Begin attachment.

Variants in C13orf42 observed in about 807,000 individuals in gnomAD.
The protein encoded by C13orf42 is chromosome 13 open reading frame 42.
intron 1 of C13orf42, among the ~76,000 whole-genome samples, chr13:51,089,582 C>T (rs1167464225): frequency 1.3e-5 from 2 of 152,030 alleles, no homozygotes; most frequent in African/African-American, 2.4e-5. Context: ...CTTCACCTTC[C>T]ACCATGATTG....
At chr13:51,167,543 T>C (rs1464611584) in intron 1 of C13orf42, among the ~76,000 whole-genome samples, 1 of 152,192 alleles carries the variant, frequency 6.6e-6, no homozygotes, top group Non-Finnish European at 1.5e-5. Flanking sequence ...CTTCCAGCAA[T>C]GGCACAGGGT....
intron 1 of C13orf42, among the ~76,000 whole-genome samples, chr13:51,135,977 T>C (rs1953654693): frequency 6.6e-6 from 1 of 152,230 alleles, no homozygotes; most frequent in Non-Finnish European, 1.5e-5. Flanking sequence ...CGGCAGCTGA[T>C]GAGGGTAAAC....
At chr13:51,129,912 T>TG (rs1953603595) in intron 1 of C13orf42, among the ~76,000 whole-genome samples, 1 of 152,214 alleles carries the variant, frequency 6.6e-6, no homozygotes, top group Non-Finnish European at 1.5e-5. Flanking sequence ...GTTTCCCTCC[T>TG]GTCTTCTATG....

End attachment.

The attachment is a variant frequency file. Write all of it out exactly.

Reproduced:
Variants in C13orf42 observed in about 807,000 individuals in gnomAD.
The protein encoded by C13orf42 is chromosome 13 open reading frame 42.
intron 1 of C13orf42, among the ~76,000 whole-genome samples, chr13:51,089,582 C>T (rs1167464225): frequency 1.3e-5 from 2 of 152,030 alleles, no homozygotes; most frequent in African/African-American, 2.4e-5. Context: ...CTTCACCTTC[C>T]ACCATGATTG....
At chr13:51,167,543 T>C (rs1464611584) in intron 1 of C13orf42, among the ~76,000 whole-genome samples, 1 of 152,192 alleles carries the variant, frequency 6.6e-6, no homozygotes, top group Non-Finnish European at 1.5e-5. Flanking sequence ...CTTCCAGCAA[T>C]GGCACAGGGT....
intron 1 of C13orf42, among the ~76,000 whole-genome samples, chr13:51,135,977 T>C (rs1953654693): frequency 6.6e-6 from 1 of 152,230 alleles, no homozygotes; most frequent in Non-Finnish European, 1.5e-5. Flanking sequence ...CGGCAGCTGA[T>C]GAGGGTAAAC....
At chr13:51,129,912 T>TG (rs1953603595) in intron 1 of C13orf42, among the ~76,000 whole-genome samples, 1 of 152,214 alleles carries the variant, frequency 6.6e-6, no homozygotes, top group Non-Finnish European at 1.5e-5. Flanking sequence ...GTTTCCCTCC[T>TG]GTCTTCTATG....